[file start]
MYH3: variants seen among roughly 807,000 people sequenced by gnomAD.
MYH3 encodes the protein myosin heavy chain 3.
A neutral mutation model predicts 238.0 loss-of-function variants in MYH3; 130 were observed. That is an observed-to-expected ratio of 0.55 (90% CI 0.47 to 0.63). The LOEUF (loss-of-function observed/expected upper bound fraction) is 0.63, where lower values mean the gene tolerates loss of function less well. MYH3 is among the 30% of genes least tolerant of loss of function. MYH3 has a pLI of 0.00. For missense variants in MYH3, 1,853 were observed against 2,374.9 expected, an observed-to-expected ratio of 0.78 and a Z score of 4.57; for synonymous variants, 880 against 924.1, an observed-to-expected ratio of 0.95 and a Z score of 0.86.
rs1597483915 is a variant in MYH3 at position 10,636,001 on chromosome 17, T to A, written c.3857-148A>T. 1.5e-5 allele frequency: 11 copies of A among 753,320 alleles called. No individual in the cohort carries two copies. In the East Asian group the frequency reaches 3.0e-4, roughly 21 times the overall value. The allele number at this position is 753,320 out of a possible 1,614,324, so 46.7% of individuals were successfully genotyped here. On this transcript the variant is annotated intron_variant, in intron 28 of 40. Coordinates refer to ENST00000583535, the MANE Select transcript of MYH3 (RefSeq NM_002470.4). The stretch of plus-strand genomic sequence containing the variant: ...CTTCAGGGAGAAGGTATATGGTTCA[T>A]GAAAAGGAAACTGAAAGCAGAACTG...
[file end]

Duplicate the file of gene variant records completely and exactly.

MYH3: variants seen among roughly 807,000 people sequenced by gnomAD.
MYH3 encodes the protein myosin heavy chain 3.
A neutral mutation model predicts 238.0 loss-of-function variants in MYH3; 130 were observed. That is an observed-to-expected ratio of 0.55 (90% CI 0.47 to 0.63). The LOEUF (loss-of-function observed/expected upper bound fraction) is 0.63, where lower values mean the gene tolerates loss of function less well. MYH3 is among the 30% of genes least tolerant of loss of function. MYH3 has a pLI of 0.00. For missense variants in MYH3, 1,853 were observed against 2,374.9 expected, an observed-to-expected ratio of 0.78 and a Z score of 4.57; for synonymous variants, 880 against 924.1, an observed-to-expected ratio of 0.95 and a Z score of 0.86.
rs1597483915 is a variant in MYH3 at position 10,636,001 on chromosome 17, T to A, written c.3857-148A>T. 1.5e-5 allele frequency: 11 copies of A among 753,320 alleles called. No individual in the cohort carries two copies. In the East Asian group the frequency reaches 3.0e-4, roughly 21 times the overall value. The allele number at this position is 753,320 out of a possible 1,614,324, so 46.7% of individuals were successfully genotyped here. On this transcript the variant is annotated intron_variant, in intron 28 of 40. Coordinates refer to ENST00000583535, the MANE Select transcript of MYH3 (RefSeq NM_002470.4). The stretch of plus-strand genomic sequence containing the variant: ...CTTCAGGGAGAAGGTATATGGTTCA[T>A]GAAAAGGAAACTGAAAGCAGAACTG...